This festive season you can see an alternative take on a Christmas window display. Local Shepperton resident and TV/film set designer Rebecca Morton has been working with Two Rivers Shopping Centre, Spelthorne Borough Council Leisure Services and a selection of Spelthorne primary and Secondary Schools to create a magical and meaningful Christmas display on Staines High Street. The installation, themed on Charles Dickens famous story ‘A Christmas Carol’ will be created from materials we would usually throw away, to deliver a powerful message about recycling and climate change.
The art installation will be on display between Sunday 1st December and Monday 6th January in a vacant shopping Unit under The Premier Inn Hotel on Staines high street.
Rebecca has worked on many art projects with local schools, creating murals and running art and craft workshops for children (see website https://www.sensorymurals.co.uk/). The Christmas project has involved children from across the borough who have been creating decorations for the display as well as some of the main figures for the windows.
The Christmas Carol story will feature four key messages:
Marley’s ghost carries the message of plastic waste, featuring an underwater scene of a figure weighed down by chains, covered in plastics and netting which we are seeing polluting our seas.
The ghost of Christmas past will carry the message of textile waste. A wedding dress from one of the Shepperton charity shops has been used to create a Miss Haversham figure and donated, unwanted shoes create sculptures.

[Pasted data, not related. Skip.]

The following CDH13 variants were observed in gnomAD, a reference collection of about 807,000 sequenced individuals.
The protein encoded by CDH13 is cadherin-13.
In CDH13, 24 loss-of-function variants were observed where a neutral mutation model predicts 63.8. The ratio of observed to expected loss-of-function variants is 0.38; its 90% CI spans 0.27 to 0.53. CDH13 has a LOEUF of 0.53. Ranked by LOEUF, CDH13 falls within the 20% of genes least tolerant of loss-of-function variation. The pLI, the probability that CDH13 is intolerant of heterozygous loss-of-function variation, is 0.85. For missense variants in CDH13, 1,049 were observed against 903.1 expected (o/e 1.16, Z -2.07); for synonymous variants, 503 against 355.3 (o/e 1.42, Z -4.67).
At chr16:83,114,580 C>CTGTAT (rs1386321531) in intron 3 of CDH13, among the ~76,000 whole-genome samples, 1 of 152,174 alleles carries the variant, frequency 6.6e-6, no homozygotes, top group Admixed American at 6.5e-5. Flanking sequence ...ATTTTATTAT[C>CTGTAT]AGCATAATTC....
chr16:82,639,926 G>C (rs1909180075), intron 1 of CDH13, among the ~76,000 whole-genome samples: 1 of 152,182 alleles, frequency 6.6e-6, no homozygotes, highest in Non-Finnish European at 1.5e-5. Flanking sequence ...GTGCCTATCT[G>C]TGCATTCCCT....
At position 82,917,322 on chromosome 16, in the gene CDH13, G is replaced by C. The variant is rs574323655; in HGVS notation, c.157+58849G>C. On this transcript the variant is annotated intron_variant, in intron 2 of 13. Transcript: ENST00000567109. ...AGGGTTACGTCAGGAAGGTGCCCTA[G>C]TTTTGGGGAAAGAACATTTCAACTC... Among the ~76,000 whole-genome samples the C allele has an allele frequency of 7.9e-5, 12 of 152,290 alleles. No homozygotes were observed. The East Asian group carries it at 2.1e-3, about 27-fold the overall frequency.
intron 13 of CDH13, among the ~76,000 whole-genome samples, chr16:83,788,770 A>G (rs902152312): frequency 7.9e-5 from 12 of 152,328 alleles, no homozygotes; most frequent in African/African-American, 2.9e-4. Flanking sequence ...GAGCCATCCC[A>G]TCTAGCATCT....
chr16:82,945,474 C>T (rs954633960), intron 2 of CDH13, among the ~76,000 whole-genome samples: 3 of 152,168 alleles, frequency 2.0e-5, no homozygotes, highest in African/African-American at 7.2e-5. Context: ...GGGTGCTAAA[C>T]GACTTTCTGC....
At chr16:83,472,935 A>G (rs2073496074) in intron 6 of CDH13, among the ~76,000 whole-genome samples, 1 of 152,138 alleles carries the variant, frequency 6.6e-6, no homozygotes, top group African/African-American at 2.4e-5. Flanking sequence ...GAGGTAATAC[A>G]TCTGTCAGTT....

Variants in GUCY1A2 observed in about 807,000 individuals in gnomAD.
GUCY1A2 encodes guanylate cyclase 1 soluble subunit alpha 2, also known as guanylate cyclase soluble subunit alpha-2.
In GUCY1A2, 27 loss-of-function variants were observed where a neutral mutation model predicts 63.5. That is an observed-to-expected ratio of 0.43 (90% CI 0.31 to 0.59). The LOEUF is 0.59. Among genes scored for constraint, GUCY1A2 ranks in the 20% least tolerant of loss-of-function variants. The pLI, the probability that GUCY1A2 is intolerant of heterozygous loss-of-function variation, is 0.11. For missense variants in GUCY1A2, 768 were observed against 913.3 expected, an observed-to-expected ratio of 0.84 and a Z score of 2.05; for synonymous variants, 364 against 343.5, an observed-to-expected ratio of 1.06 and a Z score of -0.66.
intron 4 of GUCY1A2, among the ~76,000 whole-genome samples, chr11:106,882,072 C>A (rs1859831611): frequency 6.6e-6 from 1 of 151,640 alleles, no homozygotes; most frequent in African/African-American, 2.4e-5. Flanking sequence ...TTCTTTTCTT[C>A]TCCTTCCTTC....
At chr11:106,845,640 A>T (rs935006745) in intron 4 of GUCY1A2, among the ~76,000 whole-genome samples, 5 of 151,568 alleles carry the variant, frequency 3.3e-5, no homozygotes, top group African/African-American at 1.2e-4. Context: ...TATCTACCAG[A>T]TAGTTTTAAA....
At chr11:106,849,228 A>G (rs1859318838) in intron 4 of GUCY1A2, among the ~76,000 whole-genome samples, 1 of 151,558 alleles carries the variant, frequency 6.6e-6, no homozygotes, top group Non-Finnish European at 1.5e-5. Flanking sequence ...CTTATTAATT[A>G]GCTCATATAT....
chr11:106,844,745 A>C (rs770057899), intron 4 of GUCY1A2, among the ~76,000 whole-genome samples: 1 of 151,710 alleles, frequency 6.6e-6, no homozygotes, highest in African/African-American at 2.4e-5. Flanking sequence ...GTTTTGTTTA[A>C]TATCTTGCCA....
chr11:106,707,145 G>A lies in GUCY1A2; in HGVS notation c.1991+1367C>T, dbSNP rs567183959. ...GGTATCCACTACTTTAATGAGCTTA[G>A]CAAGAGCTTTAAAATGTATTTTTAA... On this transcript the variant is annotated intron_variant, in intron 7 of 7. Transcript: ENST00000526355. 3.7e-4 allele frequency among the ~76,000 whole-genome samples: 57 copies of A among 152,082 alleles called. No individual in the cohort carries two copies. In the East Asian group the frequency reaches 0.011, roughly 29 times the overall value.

The ghost of Christmas present is a large Christmas tree as a giant who shelters the children of Ignorance and Want by his side. This illustrates food waste. It is arguably the brightest and most Christmassy window, but carries the message of food poverty and waste. Primary school children have created decorations for the tree from discarded pasta, sweets and food packaging.
The ghost of Christmas future is the darkest of all. A giant reindeer skull lies amongst a landfill scene made of wrapping paper, much of which we learn cannot be recycled. Amongst the discarded paper however, flowers and plants will be planted to give a message of hope for the future.
Many of the ideas have come from school children themselves. It is an innovative and impactful display. Do go and see it for yourselves. December 1st-January 5th. Premier Inn, Staines High St.